Relentless Beats

RB Exclusive Interview: How Bro Safari Continues to EVOLve as a Musician

This past weekend, the second annual BOO! AZ was held at Rawhide. One artist on the lineup, in particular, Bro Safari, had the crowd going off. With many diversions of music, it’s obvious Bro Safari is well versed in what the people want, so we sat down for an interview before his set. Check it out!

You’ve recently started your ‘Collisions’ tour, how has that been going for you? What makes this tour special?

So far it’s been really good. The venues have been a bit smaller and it’s great.

Was that the plan, to do more close-knit shows?

Well, we had tonight you know, which is much bigger, but it’s a little bit of both.

A couple months ago you posted a throwback photo from 1997 of yourself with a guitar. Where did your music career start?

Punk music. I started playing guitar when I was in fifth or sixth grade. My sister was into punk rock, so she exposed me to all this stuff pretty early on.


Who were your biggest influences in the punk rock scene?

The first cassette tape I ever bought what Dead Kennedys, ‘Give Me Convenience Or Give Me Death,’ and I remember buying it with my sister. My mom saw the cassette cover and she was like, “no you have to return that,” and I returned it for a Guns N’ Roses tape or something which was way worse! After that, or maybe even before that, Dead Kennedys and then 2 Live Crew.

How did you making punk rock music transition into a career producing electronic music?

Well, middle school was me learning to play guitar and how to play with a group of people. In high school I played in a few more bands and then when I went to college the band broke up. I was on my own and I went to a rave and I just fell into it. I didn’t have anyone to play with in terms of a band where I was living at the time, so it just made sense. I made friends with this guy, Gigantor, still a good friend ‘til this day, and he kind of showed me the ropes and how to produce music on a computer because I had no idea.

What was your first showcase of you doing electronic?

I was living in Tuscaloosa, Alabama so it was me and a very small group of people DJing, trying to make music, so we just threw our own shows of about twenty people for a good year or two.

How did that start to become what it is today?

Gigantor, the guy I mentioned, him and this other friend of mine, AJ, we formed a drum n’ bass group called Evol Intent and we would drive to Atlanta to buy records and we would make friends there. We moved to Atlanta and it slowly spread. We would take a gig that didn’t pay any money in New York, drive 16 hours to get there, and then drive home just because we got to play in New York and hand 200 CDs out. It was very organic. It was before people could use the Internet.

What’s your favorite Halloween memory?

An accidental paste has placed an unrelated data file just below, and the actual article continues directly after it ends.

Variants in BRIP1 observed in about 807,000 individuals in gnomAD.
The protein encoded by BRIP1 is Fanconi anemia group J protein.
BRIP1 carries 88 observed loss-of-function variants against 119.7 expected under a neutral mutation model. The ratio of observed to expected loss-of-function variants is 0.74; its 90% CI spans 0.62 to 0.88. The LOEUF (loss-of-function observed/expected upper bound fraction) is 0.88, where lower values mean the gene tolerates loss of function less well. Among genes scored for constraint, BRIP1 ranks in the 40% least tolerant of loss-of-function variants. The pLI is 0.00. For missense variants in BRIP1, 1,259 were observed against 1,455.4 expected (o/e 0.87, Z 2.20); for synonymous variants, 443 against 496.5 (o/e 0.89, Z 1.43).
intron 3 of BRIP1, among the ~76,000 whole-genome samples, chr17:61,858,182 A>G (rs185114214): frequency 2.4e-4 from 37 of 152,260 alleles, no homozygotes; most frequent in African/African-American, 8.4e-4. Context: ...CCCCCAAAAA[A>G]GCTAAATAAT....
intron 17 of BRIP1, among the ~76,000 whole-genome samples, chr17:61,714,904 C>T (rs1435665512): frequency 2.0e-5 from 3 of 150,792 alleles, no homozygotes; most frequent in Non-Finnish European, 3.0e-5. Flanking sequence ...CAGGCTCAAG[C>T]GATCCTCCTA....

I’m sure I had a lot of fun Halloween memories in college, but I surely don’t remember those. *laughs* I will say though, I have a son and he’s now just gotten to the age when all year he’s ready for Halloween, so I’m excited about this one.


What can we expect from Bro Safari in the future?

After the tour, I’m just going to focus on music for quite a while. Next year, I have ambitions to release a few different bodies of music. UFO and I are going to work together on multiple projects, and we’re just going to stop trying to figure out what it is and just do it and let things come together naturally. We’ve already been working on a lot of stuff and it’s really cool and exciting. That’s the main thing for me right now is feeling confident and excited in the studio.

I think that’s a really good idea. Sometimes people get distracted by, ‘oh what should we make it’ by trying to categorize it instead of just going in and doing it. A lot of artists are distracted by that.

Yeah, right, just drop it. Just start and don’t fight it, you know.

That is something I have struggled with and come to terms with over the last couple of years, getting branded as being this specific thing and knowing that is not what I want to be, but kind of just rolling with it because I don’t hate it. I’m conscious of the fact that I’ve got to start moving away from it a little bit but still kind of remain true to what got me to where I’m at. It’s just natural evolution.

It shouldn’t be a question. Just do whatever you want to do. I mean I definitely had a point about a year or two ago where I was kind of, not scared to work on something else, but I wouldn’t bother because I knew it was going to get shut down by somebody between me and getting released. I don’t know, sometimes you feel like you lose control as you’re in this cycle of DJing, traveling, and being at home for a few days, having a family, everything becomes kind of a blur. You can feel like you can lose control sometimes. I feel like I have taken control back, and I’m confident.

That confidence showed throughout his set at BOO! AZ and we can’t wait to see where that confidence takes Bro Safari. With mention of new projects in the works, make sure to keep an eye out to see what his forthcoming work will entail.

Connect with Bro Safari: Facebook | Twitter | SoundCloud

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